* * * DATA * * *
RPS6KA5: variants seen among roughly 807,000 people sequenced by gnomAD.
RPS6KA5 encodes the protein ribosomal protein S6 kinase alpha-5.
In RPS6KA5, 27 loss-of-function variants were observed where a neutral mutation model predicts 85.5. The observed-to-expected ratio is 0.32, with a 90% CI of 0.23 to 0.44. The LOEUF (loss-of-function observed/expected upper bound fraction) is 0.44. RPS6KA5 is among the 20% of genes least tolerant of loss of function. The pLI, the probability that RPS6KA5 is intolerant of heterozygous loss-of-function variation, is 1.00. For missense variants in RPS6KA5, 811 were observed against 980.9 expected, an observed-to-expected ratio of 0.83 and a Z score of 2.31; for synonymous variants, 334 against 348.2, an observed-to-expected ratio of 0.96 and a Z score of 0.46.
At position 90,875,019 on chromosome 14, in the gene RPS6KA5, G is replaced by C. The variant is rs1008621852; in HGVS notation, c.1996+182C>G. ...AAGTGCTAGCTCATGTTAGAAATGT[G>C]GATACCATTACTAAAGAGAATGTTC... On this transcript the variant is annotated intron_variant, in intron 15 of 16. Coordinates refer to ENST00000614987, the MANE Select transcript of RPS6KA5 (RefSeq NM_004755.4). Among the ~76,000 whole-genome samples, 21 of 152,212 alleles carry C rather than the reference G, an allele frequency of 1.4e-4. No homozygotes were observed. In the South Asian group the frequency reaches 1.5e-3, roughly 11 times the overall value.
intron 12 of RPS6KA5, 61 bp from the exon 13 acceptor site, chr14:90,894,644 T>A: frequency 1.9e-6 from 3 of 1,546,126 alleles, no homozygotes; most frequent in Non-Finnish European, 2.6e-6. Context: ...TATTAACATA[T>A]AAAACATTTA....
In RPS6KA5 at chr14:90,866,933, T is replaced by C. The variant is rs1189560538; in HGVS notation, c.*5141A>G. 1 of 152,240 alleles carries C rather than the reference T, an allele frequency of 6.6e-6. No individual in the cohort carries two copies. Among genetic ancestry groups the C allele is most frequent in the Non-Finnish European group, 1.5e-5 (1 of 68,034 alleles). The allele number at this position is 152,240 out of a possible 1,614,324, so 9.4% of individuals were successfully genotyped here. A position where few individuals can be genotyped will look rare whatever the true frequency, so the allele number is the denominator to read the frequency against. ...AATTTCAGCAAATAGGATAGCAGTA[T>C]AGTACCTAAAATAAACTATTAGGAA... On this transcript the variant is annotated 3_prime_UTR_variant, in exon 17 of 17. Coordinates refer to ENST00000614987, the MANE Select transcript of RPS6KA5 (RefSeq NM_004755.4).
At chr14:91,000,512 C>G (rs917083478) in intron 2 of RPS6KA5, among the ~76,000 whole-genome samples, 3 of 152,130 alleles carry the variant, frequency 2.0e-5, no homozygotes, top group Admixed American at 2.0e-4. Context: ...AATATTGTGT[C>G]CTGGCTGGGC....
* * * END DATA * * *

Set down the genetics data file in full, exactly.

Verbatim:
RPS6KA5: variants seen among roughly 807,000 people sequenced by gnomAD.
RPS6KA5 encodes the protein ribosomal protein S6 kinase alpha-5.
In RPS6KA5, 27 loss-of-function variants were observed where a neutral mutation model predicts 85.5. The observed-to-expected ratio is 0.32, with a 90% CI of 0.23 to 0.44. The LOEUF (loss-of-function observed/expected upper bound fraction) is 0.44. RPS6KA5 is among the 20% of genes least tolerant of loss of function. The pLI, the probability that RPS6KA5 is intolerant of heterozygous loss-of-function variation, is 1.00. For missense variants in RPS6KA5, 811 were observed against 980.9 expected, an observed-to-expected ratio of 0.83 and a Z score of 2.31; for synonymous variants, 334 against 348.2, an observed-to-expected ratio of 0.96 and a Z score of 0.46.
At position 90,875,019 on chromosome 14, in the gene RPS6KA5, G is replaced by C. The variant is rs1008621852; in HGVS notation, c.1996+182C>G. ...AAGTGCTAGCTCATGTTAGAAATGT[G>C]GATACCATTACTAAAGAGAATGTTC... On this transcript the variant is annotated intron_variant, in intron 15 of 16. Coordinates refer to ENST00000614987, the MANE Select transcript of RPS6KA5 (RefSeq NM_004755.4). Among the ~76,000 whole-genome samples, 21 of 152,212 alleles carry C rather than the reference G, an allele frequency of 1.4e-4. No homozygotes were observed. In the South Asian group the frequency reaches 1.5e-3, roughly 11 times the overall value.
intron 12 of RPS6KA5, 61 bp from the exon 13 acceptor site, chr14:90,894,644 T>A: frequency 1.9e-6 from 3 of 1,546,126 alleles, no homozygotes; most frequent in Non-Finnish European, 2.6e-6. Context: ...TATTAACATA[T>A]AAAACATTTA....
In RPS6KA5 at chr14:90,866,933, T is replaced by C. The variant is rs1189560538; in HGVS notation, c.*5141A>G. 1 of 152,240 alleles carries C rather than the reference T, an allele frequency of 6.6e-6. No individual in the cohort carries two copies. Among genetic ancestry groups the C allele is most frequent in the Non-Finnish European group, 1.5e-5 (1 of 68,034 alleles). The allele number at this position is 152,240 out of a possible 1,614,324, so 9.4% of individuals were successfully genotyped here. A position where few individuals can be genotyped will look rare whatever the true frequency, so the allele number is the denominator to read the frequency against. ...AATTTCAGCAAATAGGATAGCAGTA[T>C]AGTACCTAAAATAAACTATTAGGAA... On this transcript the variant is annotated 3_prime_UTR_variant, in exon 17 of 17. Coordinates refer to ENST00000614987, the MANE Select transcript of RPS6KA5 (RefSeq NM_004755.4).
At chr14:91,000,512 C>G (rs917083478) in intron 2 of RPS6KA5, among the ~76,000 whole-genome samples, 3 of 152,130 alleles carry the variant, frequency 2.0e-5, no homozygotes, top group Admixed American at 2.0e-4. Context: ...AATATTGTGT[C>G]CTGGCTGGGC....